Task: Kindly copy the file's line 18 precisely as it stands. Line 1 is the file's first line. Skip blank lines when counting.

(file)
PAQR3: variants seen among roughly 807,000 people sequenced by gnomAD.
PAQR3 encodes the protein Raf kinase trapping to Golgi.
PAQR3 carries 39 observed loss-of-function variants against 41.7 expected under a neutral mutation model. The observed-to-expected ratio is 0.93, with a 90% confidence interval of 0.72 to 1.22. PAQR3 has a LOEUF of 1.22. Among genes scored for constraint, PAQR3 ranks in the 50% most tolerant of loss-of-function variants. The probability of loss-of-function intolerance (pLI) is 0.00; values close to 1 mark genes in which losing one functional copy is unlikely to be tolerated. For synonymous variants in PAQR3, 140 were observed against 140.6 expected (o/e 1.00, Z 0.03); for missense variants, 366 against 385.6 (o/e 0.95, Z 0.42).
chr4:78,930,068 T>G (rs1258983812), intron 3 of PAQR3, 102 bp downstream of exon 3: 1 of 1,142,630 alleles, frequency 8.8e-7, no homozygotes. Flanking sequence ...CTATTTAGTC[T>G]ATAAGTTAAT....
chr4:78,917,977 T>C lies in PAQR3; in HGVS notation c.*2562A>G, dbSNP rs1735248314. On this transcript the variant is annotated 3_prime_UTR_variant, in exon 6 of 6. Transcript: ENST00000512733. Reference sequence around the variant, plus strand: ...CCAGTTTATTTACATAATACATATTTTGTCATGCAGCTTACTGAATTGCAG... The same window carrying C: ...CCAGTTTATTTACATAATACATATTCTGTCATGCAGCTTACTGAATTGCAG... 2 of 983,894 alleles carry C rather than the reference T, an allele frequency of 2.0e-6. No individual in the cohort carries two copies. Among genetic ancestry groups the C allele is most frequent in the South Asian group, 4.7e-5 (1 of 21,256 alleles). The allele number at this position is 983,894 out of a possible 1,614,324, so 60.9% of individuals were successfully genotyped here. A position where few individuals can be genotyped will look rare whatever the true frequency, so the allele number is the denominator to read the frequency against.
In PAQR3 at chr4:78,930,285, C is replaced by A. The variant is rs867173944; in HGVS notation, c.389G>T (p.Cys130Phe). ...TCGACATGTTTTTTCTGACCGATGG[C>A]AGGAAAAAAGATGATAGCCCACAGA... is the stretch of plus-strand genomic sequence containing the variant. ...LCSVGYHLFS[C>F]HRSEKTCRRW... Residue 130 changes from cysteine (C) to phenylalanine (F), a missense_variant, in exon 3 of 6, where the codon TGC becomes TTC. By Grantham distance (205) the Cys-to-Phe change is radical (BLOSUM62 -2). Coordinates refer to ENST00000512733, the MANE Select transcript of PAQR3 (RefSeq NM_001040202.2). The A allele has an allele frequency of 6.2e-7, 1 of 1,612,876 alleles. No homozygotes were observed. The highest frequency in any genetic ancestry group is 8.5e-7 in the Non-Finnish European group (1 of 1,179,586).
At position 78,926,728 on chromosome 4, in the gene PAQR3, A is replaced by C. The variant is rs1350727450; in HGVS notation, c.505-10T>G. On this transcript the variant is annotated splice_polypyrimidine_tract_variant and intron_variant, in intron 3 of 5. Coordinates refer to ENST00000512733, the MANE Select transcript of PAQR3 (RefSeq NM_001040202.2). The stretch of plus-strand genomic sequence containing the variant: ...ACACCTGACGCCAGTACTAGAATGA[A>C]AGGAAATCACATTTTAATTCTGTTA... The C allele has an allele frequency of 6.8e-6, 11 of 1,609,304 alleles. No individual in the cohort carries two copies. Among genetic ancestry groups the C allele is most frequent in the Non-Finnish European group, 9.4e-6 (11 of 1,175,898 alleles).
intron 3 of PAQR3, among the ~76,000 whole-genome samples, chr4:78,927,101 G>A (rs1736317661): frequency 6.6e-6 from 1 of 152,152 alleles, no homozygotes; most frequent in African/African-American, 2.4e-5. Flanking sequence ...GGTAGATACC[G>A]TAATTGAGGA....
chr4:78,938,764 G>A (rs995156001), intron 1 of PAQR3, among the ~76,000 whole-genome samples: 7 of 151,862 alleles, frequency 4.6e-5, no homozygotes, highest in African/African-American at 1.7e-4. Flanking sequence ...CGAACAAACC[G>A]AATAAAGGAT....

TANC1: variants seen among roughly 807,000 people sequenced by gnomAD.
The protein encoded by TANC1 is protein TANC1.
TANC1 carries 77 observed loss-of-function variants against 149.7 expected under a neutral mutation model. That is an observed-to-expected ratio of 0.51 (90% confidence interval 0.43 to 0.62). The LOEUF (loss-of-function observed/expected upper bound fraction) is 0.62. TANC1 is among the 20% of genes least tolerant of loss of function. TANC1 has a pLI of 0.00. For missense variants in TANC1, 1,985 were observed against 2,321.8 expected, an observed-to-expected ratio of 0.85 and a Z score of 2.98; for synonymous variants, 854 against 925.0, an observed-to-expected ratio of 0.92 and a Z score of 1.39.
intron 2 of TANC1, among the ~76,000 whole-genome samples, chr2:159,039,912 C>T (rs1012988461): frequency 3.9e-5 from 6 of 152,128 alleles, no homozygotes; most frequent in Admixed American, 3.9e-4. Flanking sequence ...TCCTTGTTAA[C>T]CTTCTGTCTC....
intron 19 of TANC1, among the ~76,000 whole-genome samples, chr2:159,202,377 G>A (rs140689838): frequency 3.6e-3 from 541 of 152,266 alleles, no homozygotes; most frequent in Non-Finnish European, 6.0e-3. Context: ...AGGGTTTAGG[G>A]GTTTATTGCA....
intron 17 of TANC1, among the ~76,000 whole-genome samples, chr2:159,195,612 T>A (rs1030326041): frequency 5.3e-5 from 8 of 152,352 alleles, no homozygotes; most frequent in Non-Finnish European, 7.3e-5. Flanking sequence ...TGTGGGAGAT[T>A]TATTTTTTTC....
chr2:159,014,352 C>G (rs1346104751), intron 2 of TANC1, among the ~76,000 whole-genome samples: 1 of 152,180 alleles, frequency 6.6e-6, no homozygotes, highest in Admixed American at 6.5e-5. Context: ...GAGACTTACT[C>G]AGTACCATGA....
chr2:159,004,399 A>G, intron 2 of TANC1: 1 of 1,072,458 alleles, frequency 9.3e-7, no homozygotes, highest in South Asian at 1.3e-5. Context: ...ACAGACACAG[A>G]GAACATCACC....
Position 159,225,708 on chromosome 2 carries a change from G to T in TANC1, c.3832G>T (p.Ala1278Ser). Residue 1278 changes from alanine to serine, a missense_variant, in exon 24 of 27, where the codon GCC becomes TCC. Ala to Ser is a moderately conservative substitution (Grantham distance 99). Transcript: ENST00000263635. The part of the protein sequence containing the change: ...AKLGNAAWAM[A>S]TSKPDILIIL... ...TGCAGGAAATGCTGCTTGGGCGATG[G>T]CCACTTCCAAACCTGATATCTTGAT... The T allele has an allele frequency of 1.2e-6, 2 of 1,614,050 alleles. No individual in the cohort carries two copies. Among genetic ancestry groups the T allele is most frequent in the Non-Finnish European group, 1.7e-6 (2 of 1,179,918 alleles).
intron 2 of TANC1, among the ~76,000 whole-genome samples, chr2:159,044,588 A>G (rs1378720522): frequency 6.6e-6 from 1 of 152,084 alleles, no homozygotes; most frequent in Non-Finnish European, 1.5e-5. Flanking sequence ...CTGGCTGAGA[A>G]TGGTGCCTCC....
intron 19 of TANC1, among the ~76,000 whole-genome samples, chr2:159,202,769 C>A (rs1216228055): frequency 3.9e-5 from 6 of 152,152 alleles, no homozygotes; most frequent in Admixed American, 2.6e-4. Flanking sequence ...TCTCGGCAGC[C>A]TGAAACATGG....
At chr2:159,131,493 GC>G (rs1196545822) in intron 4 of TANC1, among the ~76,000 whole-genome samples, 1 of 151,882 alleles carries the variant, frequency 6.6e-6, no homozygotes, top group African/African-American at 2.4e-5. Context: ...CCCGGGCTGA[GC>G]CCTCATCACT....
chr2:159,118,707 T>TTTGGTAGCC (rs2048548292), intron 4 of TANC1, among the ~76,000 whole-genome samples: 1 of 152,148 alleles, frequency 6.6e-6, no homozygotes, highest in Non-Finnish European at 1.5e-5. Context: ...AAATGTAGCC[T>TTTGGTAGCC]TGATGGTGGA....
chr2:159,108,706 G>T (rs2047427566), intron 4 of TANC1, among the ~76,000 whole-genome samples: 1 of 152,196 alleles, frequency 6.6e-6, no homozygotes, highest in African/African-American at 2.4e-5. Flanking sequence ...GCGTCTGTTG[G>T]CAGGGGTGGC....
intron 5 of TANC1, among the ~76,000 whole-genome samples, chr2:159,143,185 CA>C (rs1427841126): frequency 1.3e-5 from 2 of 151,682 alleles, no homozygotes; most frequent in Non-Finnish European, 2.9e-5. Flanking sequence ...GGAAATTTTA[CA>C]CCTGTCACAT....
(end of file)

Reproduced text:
Position 159,225,708 on chromosome 2 carries a change from G to T in TANC1, c.3832G>T (p.Ala1278Ser). Residue 1278 changes from alanine to serine, a missense_variant, in exon 24 of 27, where the codon GCC becomes TCC. Ala to Ser is a moderately conservative substitution (Grantham distance 99). Transcript: ENST00000263635. The part of the protein sequence containing the change: ...AKLGNAAWAM[A>S]TSKPDILIIL... ...TGCAGGAAATGCTGCTTGGGCGATG[G>T]CCACTTCCAAACCTGATATCTTGAT... The T allele has an allele frequency of 1.2e-6, 2 of 1,614,050 alleles. No individual in the cohort carries two copies. Among genetic ancestry groups the T allele is most frequent in the Non-Finnish European group, 1.7e-6 (2 of 1,179,918 alleles).